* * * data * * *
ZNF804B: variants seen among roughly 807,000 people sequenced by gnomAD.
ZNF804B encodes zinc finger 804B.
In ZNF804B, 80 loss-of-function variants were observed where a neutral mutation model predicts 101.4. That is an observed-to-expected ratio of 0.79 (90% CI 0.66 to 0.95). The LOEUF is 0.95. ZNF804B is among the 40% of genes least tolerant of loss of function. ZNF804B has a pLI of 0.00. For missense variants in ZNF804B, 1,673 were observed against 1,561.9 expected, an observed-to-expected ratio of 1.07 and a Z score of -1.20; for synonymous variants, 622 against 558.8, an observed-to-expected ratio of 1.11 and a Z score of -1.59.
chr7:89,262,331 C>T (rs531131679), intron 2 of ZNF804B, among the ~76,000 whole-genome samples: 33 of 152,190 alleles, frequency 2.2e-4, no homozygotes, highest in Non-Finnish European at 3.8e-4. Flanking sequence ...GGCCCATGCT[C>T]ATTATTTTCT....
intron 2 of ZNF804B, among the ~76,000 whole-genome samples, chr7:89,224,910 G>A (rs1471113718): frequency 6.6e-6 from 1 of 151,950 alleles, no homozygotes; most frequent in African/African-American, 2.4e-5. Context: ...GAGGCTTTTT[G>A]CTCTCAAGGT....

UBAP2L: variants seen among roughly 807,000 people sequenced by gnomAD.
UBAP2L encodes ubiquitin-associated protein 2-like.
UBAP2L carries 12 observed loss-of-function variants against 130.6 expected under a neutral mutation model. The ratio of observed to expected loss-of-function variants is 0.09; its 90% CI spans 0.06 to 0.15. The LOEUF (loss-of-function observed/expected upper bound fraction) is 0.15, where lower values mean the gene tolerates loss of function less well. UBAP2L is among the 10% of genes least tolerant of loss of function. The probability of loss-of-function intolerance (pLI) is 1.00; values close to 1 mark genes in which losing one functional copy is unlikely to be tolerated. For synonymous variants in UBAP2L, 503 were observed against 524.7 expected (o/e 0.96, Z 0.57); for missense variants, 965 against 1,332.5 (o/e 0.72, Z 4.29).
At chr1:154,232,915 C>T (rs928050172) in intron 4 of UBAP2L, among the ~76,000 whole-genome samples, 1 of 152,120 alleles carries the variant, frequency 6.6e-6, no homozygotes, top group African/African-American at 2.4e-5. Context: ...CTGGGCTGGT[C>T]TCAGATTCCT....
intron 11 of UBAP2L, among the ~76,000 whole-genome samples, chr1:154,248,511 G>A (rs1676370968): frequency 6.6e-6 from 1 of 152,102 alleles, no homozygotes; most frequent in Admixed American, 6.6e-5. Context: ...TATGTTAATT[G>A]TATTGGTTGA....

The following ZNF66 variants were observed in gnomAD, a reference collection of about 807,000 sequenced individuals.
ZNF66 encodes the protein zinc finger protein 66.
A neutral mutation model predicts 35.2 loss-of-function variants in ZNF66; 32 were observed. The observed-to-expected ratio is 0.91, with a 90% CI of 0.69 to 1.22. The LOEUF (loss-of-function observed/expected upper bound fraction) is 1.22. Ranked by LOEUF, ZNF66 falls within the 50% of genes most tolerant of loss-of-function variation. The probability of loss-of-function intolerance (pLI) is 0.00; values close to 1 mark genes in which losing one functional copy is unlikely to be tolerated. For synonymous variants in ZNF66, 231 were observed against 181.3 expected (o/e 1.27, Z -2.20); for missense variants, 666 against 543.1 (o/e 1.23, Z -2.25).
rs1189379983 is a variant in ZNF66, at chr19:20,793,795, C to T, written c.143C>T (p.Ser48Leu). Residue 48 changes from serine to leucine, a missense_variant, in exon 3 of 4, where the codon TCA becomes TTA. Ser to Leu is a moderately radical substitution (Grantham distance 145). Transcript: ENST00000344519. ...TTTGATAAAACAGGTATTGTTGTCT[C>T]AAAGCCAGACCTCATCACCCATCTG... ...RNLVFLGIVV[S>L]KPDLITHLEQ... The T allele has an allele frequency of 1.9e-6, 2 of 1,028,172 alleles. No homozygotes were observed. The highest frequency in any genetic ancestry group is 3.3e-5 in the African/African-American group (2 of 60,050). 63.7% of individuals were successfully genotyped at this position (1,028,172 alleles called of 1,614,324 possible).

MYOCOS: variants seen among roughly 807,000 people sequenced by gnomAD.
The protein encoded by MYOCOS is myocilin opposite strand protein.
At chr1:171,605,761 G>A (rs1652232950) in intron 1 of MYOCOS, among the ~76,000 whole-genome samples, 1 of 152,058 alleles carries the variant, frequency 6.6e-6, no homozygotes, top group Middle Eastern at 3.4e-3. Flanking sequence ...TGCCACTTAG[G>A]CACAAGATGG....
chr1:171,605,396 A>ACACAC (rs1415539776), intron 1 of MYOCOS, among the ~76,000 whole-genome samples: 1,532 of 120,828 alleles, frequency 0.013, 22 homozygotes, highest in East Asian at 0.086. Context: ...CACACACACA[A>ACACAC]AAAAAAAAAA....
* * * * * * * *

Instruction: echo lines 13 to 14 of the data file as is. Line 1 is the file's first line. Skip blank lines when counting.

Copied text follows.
A neutral mutation model predicts 35.2 loss-of-function variants in ZNF66; 32 were observed. The observed-to-expected ratio is 0.91, with a 90% CI of 0.69 to 1.22. The LOEUF (loss-of-function observed/expected upper bound fraction) is 1.22. Ranked by LOEUF, ZNF66 falls within the 50% of genes most tolerant of loss-of-function variation. The probability of loss-of-function intolerance (pLI) is 0.00; values close to 1 mark genes in which losing one functional copy is unlikely to be tolerated. For synonymous variants in ZNF66, 231 were observed against 181.3 expected (o/e 1.27, Z -2.20); for missense variants, 666 against 543.1 (o/e 1.23, Z -2.25).
rs1189379983 is a variant in ZNF66, at chr19:20,793,795, C to T, written c.143C>T (p.Ser48Leu). Residue 48 changes from serine to leucine, a missense_variant, in exon 3 of 4, where the codon TCA becomes TTA. Ser to Leu is a moderately radical substitution (Grantham distance 145). Transcript: ENST00000344519. ...TTTGATAAAACAGGTATTGTTGTCT[C>T]AAAGCCAGACCTCATCACCCATCTG... ...RNLVFLGIVV[S>L]KPDLITHLEQ... The T allele has an allele frequency of 1.9e-6, 2 of 1,028,172 alleles. No homozygotes were observed. The highest frequency in any genetic ancestry group is 3.3e-5 in the African/African-American group (2 of 60,050). 63.7% of individuals were successfully genotyped at this position (1,028,172 alleles called of 1,614,324 possible).